US Army Veterinarian Speaks on Ebola Virus Response
Better strategies to track every individual exposed to the Ebola virus was what finally brought the epidemic in Sierra Leone under control, according to Laura K. Lester, DVM DACVPM, a Major with the US Army Veterinary Corps, who this month will conclude a two-year CDC fellowship with the Arkansas Department of Health (ADH).
Last October, the CDC called Dr. Lester away from her post at the ADH as an Epidemic Intelligence Service Officer working with the state epidemiologist to provide surveillance and advisory support in the small country on the West Africa coast.
At a special presentation at UAMS on June 4 hosted by the COPH Department of Epidemiology, she talked about the month she spent there last fall, along with hundreds of other public health workers from nearly every continent. She was sent to Kenema District, 180 miles inland from the capital city of Freetown on the coast, which had experienced the worst of the outbreak two months previously.
At the peak of the epidemic, more than 600 cases were reported in Sierra Leone each week.
The epidemic had caught the country, one of the poorest in the world, “completely off guard,” she recalled. “There were a lot of issues, confusion, and chaos, and we were there to help try to pull it together. The country needed all hands on deck.”
The disease had simmered for months in the forests, where traditional healers attempted to cure it, many dying themselves. It is believed to have started in December 2013 with human contact with an animal host. By March 2014, the CDC declared it an epidemic. It would become the largest international outbreak response by the CDC in its 70-year history.
Data management for field surveillance, critical to stopping the spread of Ebola, was Dr. Lester’s main objective when she arrived. Each potentially exposed person had to be identified, quarantined for 21 days and report all others they might have infected. At first, only six contacts on average were identified for each exposure.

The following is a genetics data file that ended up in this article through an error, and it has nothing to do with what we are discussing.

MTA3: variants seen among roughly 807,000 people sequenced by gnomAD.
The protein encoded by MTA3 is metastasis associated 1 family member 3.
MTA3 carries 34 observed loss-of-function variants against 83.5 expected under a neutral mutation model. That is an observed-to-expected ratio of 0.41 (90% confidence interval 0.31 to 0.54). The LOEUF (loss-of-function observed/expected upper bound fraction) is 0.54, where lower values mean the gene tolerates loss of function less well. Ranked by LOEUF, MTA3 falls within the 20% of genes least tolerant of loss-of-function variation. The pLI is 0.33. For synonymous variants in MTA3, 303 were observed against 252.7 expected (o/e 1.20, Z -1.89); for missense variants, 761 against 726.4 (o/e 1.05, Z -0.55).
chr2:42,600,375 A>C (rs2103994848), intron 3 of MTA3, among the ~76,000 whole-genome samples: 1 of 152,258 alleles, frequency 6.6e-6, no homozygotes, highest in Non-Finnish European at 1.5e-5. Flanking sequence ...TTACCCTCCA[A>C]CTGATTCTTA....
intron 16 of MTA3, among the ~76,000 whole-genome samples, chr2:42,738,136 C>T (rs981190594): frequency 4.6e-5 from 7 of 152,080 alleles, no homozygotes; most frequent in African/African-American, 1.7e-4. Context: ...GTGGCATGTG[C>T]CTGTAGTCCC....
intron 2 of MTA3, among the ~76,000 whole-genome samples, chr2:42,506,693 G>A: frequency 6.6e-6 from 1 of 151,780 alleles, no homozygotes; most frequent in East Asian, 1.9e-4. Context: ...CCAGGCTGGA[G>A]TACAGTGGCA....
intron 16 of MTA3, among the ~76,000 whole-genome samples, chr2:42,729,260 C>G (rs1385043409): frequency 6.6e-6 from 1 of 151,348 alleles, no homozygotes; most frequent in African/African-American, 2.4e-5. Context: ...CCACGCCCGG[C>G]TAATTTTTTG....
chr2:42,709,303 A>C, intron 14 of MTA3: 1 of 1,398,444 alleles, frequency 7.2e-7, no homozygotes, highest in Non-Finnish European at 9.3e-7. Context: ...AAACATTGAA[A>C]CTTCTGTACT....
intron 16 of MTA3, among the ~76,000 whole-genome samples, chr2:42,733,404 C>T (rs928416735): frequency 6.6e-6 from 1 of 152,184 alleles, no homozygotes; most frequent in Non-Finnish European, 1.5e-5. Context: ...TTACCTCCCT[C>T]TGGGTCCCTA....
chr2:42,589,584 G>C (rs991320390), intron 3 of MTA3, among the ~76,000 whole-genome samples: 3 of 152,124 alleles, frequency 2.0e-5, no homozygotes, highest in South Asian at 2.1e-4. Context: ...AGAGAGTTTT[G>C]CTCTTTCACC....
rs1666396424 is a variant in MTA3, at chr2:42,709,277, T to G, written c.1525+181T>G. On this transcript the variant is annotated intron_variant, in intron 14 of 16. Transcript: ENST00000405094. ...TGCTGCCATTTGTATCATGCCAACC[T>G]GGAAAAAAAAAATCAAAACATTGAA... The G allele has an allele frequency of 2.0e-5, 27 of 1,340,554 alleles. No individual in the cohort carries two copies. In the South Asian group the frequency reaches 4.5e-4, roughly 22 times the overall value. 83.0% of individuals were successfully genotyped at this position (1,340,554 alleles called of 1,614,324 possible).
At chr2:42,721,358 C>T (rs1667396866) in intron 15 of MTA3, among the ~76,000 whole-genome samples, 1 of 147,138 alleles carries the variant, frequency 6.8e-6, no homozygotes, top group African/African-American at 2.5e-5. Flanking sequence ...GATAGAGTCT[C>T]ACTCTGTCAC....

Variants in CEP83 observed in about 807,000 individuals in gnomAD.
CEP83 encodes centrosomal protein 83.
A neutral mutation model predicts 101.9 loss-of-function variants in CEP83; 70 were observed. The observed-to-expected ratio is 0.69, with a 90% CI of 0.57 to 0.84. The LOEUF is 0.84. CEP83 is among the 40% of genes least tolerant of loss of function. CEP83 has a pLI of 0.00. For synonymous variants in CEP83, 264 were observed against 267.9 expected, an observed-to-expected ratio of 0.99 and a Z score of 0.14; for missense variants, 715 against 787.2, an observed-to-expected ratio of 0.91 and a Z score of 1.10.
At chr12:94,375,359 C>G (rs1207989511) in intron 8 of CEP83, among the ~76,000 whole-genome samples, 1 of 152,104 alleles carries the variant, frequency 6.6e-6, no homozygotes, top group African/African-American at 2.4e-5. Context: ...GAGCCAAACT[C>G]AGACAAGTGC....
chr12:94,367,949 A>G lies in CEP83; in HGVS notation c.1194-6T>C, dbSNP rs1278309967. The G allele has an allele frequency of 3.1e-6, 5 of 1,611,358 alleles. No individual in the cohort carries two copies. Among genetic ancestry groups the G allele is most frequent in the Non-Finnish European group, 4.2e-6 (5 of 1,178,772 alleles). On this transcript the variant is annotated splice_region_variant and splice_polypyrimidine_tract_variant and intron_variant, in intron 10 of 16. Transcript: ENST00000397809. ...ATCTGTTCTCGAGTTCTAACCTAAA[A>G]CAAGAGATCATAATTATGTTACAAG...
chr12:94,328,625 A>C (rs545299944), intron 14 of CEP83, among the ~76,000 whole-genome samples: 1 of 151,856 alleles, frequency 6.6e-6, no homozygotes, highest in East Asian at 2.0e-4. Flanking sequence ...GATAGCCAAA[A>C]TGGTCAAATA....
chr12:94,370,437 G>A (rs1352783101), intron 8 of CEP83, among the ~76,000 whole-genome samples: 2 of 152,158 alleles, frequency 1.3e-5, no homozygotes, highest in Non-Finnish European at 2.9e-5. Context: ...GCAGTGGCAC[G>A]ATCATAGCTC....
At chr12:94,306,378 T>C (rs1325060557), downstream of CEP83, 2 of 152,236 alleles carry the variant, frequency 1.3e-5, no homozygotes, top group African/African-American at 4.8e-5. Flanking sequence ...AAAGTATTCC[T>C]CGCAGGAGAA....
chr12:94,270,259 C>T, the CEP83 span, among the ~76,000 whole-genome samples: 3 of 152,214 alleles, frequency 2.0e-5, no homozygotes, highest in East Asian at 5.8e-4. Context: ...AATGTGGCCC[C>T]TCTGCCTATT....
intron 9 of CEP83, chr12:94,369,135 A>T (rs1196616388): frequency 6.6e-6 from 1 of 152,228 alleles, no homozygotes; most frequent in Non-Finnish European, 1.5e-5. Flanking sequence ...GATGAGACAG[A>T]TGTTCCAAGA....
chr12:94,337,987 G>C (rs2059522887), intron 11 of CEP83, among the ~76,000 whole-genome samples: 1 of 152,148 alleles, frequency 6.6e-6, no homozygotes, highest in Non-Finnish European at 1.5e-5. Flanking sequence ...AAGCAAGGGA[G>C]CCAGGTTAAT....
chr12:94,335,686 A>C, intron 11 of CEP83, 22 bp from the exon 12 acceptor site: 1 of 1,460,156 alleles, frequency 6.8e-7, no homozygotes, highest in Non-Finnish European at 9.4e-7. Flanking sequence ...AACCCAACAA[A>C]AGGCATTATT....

Ebola is not as highly contagious as other diseases but there is no cure, and the fatality rate is high without proper care. In one year, of the nearly 13,000 confirmed cases in Sierra Leone, 30 percent died.
Lack of knowledge about how it spreads, lack of trust of the government and lack of cooperation with tribal leaders initially hampered public health efforts. People hid in forests or fled across porous borders out of stigma or fear. Precautions for avoiding contamination from an infected body conflicted with traditional ceremonial burial rites.
“Villagers would chase the surveillance team out with rocks,” Dr. Lester said. There were rumors that the World Health Organization was spreading Ebola through the exhaust of the agency’s vehicles.
Gradually, awareness and trust grew with efforts to educate and engage communities, one household at a time. Culturally appropriate signage, pictograms and the pop music “Ebola reggae” on the radio helped dispel rumors that the disease was a political hoax and gave advice about how to prevent its spread.
A turning point was when members of a chieftain’s household became ill with Ebola; after that, he was an ally.
In time, the number of contacts per exposure rose to almost 20. The success rate for contact tracing for 55,000 suspect reports and over 96,000 contacts in one year in Sierra Leone rose to 97 percent by this May.
Ebola remains a threat in Sierra Leone, but under 20 new cases are reported weekly. This link has more information about the epidemic and the CDC’s response to it.